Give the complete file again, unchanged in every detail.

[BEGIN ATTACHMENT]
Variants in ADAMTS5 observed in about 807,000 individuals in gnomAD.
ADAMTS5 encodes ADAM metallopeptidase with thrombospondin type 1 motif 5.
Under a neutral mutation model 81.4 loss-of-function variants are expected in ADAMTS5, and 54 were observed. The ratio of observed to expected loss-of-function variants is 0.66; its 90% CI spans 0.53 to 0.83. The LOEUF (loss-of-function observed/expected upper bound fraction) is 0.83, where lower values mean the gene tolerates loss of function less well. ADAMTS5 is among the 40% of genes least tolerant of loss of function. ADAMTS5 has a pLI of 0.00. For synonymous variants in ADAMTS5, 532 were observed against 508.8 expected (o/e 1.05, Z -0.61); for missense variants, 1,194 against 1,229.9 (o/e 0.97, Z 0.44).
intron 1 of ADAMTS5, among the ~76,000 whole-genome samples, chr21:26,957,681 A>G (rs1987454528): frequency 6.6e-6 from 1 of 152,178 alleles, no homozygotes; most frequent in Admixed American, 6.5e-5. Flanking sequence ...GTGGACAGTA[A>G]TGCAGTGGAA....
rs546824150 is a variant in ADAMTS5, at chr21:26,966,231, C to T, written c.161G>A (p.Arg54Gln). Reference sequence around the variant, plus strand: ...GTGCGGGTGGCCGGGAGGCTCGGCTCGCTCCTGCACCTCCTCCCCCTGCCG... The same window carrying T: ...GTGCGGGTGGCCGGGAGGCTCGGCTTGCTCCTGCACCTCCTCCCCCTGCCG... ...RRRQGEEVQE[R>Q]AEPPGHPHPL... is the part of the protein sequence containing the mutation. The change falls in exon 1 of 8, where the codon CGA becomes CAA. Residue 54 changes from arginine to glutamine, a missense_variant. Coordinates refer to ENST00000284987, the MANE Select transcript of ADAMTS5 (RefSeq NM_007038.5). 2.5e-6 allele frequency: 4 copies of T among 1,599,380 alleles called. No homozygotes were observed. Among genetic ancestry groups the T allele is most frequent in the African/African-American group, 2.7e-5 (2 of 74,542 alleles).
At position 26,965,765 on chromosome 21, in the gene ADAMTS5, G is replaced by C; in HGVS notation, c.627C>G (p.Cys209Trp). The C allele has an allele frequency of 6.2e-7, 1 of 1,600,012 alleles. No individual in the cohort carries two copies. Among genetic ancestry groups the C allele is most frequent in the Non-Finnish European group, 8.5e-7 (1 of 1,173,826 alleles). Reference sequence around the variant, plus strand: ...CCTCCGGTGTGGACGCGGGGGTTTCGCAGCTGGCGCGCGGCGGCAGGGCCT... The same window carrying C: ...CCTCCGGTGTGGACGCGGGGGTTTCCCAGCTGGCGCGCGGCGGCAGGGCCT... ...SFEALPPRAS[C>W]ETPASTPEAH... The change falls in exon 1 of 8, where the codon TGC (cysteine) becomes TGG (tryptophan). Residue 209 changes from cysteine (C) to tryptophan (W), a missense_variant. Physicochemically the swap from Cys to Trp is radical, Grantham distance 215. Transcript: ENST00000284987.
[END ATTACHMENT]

Variants in ADAMTS5 observed in about 807,000 individuals in gnomAD.
ADAMTS5 encodes ADAM metallopeptidase with thrombospondin type 1 motif 5.
Under a neutral mutation model 81.4 loss-of-function variants are expected in ADAMTS5, and 54 were observed. The ratio of observed to expected loss-of-function variants is 0.66; its 90% CI spans 0.53 to 0.83. The LOEUF (loss-of-function observed/expected upper bound fraction) is 0.83, where lower values mean the gene tolerates loss of function less well. ADAMTS5 is among the 40% of genes least tolerant of loss of function. ADAMTS5 has a pLI of 0.00. For synonymous variants in ADAMTS5, 532 were observed against 508.8 expected (o/e 1.05, Z -0.61); for missense variants, 1,194 against 1,229.9 (o/e 0.97, Z 0.44).
intron 1 of ADAMTS5, among the ~76,000 whole-genome samples, chr21:26,957,681 A>G (rs1987454528): frequency 6.6e-6 from 1 of 152,178 alleles, no homozygotes; most frequent in Admixed American, 6.5e-5. Flanking sequence ...GTGGACAGTA[A>G]TGCAGTGGAA....
rs546824150 is a variant in ADAMTS5, at chr21:26,966,231, C to T, written c.161G>A (p.Arg54Gln). Reference sequence around the variant, plus strand: ...GTGCGGGTGGCCGGGAGGCTCGGCTCGCTCCTGCACCTCCTCCCCCTGCCG... The same window carrying T: ...GTGCGGGTGGCCGGGAGGCTCGGCTTGCTCCTGCACCTCCTCCCCCTGCCG... ...RRRQGEEVQE[R>Q]AEPPGHPHPL... is the part of the protein sequence containing the mutation. The change falls in exon 1 of 8, where the codon CGA becomes CAA. Residue 54 changes from arginine to glutamine, a missense_variant. Coordinates refer to ENST00000284987, the MANE Select transcript of ADAMTS5 (RefSeq NM_007038.5). 2.5e-6 allele frequency: 4 copies of T among 1,599,380 alleles called. No homozygotes were observed. Among genetic ancestry groups the T allele is most frequent in the African/African-American group, 2.7e-5 (2 of 74,542 alleles).
At position 26,965,765 on chromosome 21, in the gene ADAMTS5, G is replaced by C; in HGVS notation, c.627C>G (p.Cys209Trp). The C allele has an allele frequency of 6.2e-7, 1 of 1,600,012 alleles. No individual in the cohort carries two copies. Among genetic ancestry groups the C allele is most frequent in the Non-Finnish European group, 8.5e-7 (1 of 1,173,826 alleles). Reference sequence around the variant, plus strand: ...CCTCCGGTGTGGACGCGGGGGTTTCGCAGCTGGCGCGCGGCGGCAGGGCCT... The same window carrying C: ...CCTCCGGTGTGGACGCGGGGGTTTCCCAGCTGGCGCGCGGCGGCAGGGCCT... ...SFEALPPRAS[C>W]ETPASTPEAH... The change falls in exon 1 of 8, where the codon TGC (cysteine) becomes TGG (tryptophan). Residue 209 changes from cysteine (C) to tryptophan (W), a missense_variant. Physicochemically the swap from Cys to Trp is radical, Grantham distance 215. Transcript: ENST00000284987.